The union and “protect our borders”

The union is launching a national pay petition on the government’s petition website as part of our national campaign.

The NEC this week was asked to finalise the campaign strategy and agree the wording of the petition.

The wording of the petition ends with a sentence praising the work our members do, including some examples, specifically “The job retention scheme, keeping our courts running and our borders secure”.

The sentence exists to highlight the work we deem to have contributed to society to deserve a pay rise.

But one of those things is not like the others: Independent Left members of the NEC moved an amendment to remove reference to keeping our borders secure.

It is claimed that the phrase is included to highlight the work done by our members working in customs, excise and other areas ensuring duty is paid and imported goods are safe etc. But what is commonly understood by the phrase ‘keeping our borders secure’ in Britain is very simple: The hostile environment towards migrants, the deportation of immigrants and the refusal of support to refugees.

It is a phrase used as a dog-whistle by the likes of Nigel Farage, Priti Patel and Donald Trump for racist anti-immigration and immigrant policies. It cannot be used on its own without those connotations.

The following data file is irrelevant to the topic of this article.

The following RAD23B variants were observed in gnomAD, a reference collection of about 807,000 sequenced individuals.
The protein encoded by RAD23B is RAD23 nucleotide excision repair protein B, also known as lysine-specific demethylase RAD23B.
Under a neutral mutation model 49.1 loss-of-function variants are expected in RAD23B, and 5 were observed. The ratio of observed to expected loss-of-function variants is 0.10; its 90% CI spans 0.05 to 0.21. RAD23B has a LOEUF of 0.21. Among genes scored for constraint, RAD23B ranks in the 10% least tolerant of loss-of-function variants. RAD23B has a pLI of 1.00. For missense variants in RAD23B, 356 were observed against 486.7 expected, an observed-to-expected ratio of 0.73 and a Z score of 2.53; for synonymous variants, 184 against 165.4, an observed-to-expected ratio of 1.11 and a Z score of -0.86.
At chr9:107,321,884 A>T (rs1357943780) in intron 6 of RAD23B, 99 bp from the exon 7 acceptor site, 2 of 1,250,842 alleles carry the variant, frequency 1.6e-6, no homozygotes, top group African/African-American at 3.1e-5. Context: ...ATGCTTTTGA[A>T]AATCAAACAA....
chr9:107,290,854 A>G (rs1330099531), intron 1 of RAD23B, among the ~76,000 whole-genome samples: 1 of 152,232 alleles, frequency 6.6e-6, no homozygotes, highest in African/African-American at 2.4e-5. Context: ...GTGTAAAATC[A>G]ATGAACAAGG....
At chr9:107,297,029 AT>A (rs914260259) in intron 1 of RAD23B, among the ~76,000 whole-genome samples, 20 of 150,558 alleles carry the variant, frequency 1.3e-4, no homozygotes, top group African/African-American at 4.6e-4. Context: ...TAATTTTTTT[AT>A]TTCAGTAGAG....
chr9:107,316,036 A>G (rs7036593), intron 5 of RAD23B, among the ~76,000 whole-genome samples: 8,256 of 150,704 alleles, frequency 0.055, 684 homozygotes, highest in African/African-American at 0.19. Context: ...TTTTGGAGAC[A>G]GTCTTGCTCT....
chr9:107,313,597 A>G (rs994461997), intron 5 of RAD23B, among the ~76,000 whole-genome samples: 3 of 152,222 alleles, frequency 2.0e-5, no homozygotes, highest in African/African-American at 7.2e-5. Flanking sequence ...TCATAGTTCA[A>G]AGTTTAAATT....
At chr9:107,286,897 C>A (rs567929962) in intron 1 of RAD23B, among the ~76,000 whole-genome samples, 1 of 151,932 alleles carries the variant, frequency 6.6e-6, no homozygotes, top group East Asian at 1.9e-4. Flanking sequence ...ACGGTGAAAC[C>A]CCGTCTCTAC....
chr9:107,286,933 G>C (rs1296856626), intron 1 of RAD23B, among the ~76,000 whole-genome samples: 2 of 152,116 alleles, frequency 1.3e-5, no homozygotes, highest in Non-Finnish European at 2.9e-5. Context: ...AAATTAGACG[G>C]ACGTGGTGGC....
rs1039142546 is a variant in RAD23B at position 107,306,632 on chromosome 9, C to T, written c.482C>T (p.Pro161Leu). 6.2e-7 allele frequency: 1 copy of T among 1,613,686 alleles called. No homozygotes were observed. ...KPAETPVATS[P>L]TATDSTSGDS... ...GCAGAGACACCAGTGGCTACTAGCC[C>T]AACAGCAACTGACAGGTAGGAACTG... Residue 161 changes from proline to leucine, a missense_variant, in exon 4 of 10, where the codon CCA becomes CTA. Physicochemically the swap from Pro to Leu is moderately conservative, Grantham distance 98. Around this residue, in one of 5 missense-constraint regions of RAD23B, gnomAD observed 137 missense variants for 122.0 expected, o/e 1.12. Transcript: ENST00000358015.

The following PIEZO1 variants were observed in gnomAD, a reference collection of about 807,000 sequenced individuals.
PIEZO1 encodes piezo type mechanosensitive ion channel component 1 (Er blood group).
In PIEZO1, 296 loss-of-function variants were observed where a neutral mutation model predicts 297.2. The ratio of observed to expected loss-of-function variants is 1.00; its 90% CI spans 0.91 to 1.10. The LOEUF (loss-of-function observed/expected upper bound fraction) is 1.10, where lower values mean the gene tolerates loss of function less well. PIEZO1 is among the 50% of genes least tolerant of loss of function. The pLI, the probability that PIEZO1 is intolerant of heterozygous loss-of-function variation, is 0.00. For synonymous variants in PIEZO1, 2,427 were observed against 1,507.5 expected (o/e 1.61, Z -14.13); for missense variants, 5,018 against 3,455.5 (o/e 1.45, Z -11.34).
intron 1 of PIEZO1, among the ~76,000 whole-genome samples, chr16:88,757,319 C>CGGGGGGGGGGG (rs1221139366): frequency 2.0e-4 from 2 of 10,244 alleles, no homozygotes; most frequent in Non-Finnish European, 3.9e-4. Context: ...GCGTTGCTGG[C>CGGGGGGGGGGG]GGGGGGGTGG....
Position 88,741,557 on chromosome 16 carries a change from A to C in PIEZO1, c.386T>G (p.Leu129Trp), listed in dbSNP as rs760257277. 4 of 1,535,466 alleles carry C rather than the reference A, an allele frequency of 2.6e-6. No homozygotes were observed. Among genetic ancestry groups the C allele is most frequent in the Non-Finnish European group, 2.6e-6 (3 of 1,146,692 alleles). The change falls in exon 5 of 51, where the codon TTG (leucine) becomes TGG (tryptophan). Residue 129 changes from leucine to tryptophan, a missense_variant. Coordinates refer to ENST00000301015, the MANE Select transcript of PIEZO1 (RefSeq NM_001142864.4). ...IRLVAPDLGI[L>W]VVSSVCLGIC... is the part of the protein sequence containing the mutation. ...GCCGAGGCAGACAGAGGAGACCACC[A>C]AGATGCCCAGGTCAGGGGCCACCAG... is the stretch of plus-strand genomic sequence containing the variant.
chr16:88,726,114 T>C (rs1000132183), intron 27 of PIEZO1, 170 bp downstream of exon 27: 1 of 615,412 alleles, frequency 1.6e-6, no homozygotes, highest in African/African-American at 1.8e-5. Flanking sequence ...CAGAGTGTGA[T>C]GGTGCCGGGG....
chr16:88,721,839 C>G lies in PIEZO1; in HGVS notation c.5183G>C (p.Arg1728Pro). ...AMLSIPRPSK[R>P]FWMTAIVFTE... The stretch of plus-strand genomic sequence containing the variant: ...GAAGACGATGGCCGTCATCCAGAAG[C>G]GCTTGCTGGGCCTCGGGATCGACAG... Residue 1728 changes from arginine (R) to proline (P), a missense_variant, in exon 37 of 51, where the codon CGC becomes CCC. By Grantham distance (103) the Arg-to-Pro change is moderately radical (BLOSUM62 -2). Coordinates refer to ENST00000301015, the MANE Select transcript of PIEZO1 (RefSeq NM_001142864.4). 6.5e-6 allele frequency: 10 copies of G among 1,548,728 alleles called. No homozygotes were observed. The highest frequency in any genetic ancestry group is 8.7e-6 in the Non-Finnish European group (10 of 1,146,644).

To illustrate the point, type the phrase into Google.

The top results include another petition on demanding troops are used to repel immigrants at the borders; the corporate website of Trump’s Department of Homeland Security and an article on the EU’s site outlining measures taken to stop immigrants from North Africa escaping conflict and poverty crossing the Mediterranean.

What using this phrase means in reality and to the public is to normalise the policies our members follow to “keep our borders secure”, particularly around deportation and immigration enforcement. Policies we oppose and which are quite transparently discriminatory, both in terms of race, gender and sexuality. Policies which variously conflict with the equality policies of the union.

In other words, you cannot divorce praise for ‘keeping our borders secure’ from the reality of the policies employed to do that.

Our black and migrant members know what the phrase means all too well as victims of the government’s policies on ‘border protection’.

We should be no prouder of that work than we are of the work our members in DWP are asked to perform carrying out the unfair benefit sanctions and conditionality regime. Work we rightfully don’t include on this petition and work, like the border regime the union has conference policy to oppose.

There is a wider question here too. What is meant by ‘our’ borders?